Home > Sun & Moon > Eclipses > Jul 21 – Jul 22, 2009 Total Solar Eclipse

Jul 21 – Jul 22, 2009 Total Solar Eclipse

Millions of people in India, China, and other parts of Asia witness a total solar eclipse on July 22, 2009. Cities such as Surat, in India, as well as Chengdu, Shanghai, and Wuhan, in China, experience the eclipse’s totality. Visitors at the Taj Mahal, which is listed as one of the modern world’s seven wonders, witness this eclipse.

This is the longest total solar eclipse in the 21st century, and will not be surpassed in duration until June 13, 2132. The moon's umbra travels along a track that is about 15,150km (about 9414 miles) long and covers 0.71 percent of the Earth’s surface area over a course of three hours and 25 minutes. The eclipse’s maximum duration of totality is six minutes and 39 seconds.

What the eclipse would look like near the maximum point

The animation shows approximately what the eclipse looks like near the maximum point of the eclipse (weather permitting).

Is this eclipse viewable in New York?


This animation requires Flash to be installed. We hope to offer it without needing Flash soon.

Click the 'play' button to view the animation. The pause button can also be used to temporarily suspend the animation.

The animation shows where this total solar eclipse is visible (white, gray and red shading) as well as day and night (dark “wave” slowly moving across the Earth's surface).

The colors within the shaded area show how much of the Sun's disk the Moon covers during the eclipse. The dark center of the red area shows the best locations to view this eclipse. Here, the Moon moves centrally in front of the Sun and the eclipse is total.

In the red area, the Sun is obscured 90 percent or more, in the dark gray area the Moon covers between 25 and 90 percent of the Sun's disk. The white shaded area symbolizes locations where less than 25 percent are covered.

The dark strip in the center indicates the best locations for viewing the eclipse. Here, the Moon moves centrally in front of the Sun.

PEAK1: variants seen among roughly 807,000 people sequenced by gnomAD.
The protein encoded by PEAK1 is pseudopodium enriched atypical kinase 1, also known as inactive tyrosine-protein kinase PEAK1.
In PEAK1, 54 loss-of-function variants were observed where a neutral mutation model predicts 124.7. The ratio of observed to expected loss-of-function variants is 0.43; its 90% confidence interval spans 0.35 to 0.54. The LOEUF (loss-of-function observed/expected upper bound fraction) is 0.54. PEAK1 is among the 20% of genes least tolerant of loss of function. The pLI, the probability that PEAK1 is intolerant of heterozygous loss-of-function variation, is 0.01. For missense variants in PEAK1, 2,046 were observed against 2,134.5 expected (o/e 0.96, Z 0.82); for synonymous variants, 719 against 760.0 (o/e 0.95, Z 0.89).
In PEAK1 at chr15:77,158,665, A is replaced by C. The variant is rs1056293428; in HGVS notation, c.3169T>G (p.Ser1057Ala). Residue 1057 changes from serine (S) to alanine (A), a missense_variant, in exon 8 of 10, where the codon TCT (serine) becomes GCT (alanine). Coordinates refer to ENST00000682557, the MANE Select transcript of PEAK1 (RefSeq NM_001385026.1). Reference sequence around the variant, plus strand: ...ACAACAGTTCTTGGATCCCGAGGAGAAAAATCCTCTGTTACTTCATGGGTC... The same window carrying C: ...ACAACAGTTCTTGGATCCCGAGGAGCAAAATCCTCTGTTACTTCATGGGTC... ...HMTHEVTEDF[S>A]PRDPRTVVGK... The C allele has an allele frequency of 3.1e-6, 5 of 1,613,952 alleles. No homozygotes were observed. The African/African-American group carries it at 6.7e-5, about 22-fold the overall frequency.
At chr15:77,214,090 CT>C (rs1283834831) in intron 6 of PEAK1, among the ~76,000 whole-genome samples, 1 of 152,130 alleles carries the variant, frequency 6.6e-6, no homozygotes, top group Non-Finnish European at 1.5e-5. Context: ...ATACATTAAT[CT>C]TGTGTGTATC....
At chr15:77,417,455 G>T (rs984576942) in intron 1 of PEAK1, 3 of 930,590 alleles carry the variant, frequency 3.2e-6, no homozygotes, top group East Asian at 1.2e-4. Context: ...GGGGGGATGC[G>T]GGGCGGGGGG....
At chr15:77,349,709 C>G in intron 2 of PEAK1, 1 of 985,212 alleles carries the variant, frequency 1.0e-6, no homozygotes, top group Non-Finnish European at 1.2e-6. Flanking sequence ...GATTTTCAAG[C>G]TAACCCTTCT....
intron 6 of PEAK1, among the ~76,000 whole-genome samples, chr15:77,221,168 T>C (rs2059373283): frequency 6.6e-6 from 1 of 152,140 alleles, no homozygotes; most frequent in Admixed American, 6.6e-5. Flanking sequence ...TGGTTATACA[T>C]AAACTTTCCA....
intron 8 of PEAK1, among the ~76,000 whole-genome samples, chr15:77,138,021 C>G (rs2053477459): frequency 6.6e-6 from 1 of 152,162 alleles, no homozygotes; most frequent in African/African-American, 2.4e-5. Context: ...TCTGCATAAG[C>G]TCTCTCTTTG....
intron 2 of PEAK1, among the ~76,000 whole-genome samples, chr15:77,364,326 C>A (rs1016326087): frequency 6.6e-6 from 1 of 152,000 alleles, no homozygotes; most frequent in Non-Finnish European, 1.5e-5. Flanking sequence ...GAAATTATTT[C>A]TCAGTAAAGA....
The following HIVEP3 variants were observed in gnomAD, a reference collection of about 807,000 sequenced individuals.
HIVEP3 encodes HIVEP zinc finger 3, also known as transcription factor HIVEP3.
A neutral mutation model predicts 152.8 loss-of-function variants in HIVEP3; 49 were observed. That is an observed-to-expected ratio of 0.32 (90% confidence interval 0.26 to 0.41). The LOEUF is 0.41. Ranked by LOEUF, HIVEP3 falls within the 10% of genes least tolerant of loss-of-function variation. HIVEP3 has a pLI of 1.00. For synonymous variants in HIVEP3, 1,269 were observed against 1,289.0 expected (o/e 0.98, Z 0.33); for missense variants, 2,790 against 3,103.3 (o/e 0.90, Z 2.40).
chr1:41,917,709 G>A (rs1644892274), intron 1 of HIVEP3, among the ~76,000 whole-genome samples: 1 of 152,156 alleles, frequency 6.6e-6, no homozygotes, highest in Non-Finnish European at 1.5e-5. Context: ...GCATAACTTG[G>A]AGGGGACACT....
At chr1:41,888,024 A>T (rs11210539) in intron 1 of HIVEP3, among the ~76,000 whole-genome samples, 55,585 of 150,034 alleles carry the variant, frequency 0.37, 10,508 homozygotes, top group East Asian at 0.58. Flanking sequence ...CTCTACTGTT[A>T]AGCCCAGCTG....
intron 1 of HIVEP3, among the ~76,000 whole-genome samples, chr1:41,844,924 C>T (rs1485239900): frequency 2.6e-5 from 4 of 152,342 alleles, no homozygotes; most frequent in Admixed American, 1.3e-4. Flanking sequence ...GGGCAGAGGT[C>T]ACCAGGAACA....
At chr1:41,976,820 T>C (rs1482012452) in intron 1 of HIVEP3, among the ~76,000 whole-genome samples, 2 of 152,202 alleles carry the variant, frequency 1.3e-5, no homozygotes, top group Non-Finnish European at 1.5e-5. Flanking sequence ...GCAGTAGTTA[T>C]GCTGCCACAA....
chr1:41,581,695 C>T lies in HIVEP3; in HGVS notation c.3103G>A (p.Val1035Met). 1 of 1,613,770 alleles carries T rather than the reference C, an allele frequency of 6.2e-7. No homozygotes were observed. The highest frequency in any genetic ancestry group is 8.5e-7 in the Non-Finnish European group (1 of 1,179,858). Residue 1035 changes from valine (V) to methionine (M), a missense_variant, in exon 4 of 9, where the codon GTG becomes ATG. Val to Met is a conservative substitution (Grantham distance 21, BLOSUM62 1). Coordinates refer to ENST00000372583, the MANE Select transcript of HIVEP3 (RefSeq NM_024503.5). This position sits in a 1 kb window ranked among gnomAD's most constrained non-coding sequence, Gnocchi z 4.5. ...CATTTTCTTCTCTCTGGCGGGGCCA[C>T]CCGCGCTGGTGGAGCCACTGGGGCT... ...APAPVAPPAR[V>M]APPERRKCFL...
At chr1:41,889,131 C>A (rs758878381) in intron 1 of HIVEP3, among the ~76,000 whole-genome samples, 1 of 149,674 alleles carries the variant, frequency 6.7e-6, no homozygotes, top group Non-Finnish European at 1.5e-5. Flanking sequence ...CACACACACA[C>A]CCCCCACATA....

The eclipse is also visible in the areas that are shaded red, but less of the Sun's disk is obscured. The fainter the red shading the less of the Sun's disk is covered during the eclipse.

Where to see the eclipse

Continents seeing at least a partial eclipse:

Total eclipse visible in:

Locations near the shadow's path:

Partial eclipse visible in:


Advertising

When the eclipse happens worldwide

The eclipse starts at one location and ends at another. The times below are actual times (in UTC) when the eclipse occurs.
EventUTC TimeTime in New York*
First location to see partial eclipse beginJul 21 at 11:58 PMJul 21 at 7:58 PM
First location to see full Eclipse beginJul 22 at 12:51 AMJul 21 at 8:51 PM
Maximum EclipseJul 22 at 2:34 AMJul 21 at 10:34 PM
Last location to see full Eclipse endJul 22 at 4:19 AMJul 22 at 12:19 AM
Last location to see partial Eclipse endJul 22 at 5:12 AMJul 22 at 1:12 AM

* Local times shown do not refer to when the eclipse can be observed from New York. Instead, they indicate the times when the eclipse begins, is at its max, and ends, somewhere else on earth. The corresponding local times are useful if you want to view the eclipse via a live webcam.
Eclipses viewable in New York.

The eclipse's path

According to NASA, the path of the moon's umbral shadow begins in India and crosses through Nepal, Bangladesh, Bhutan and China before curving south across the Pacific Ocean. A partial eclipse is seen within the much broader path of the moon's penumbral (partially shaded outer region) shadow, which includes most of eastern Asia, Indonesia, and the Pacific Ocean.

Astronomy calculators

More information

Calendar tools

Related time zone tools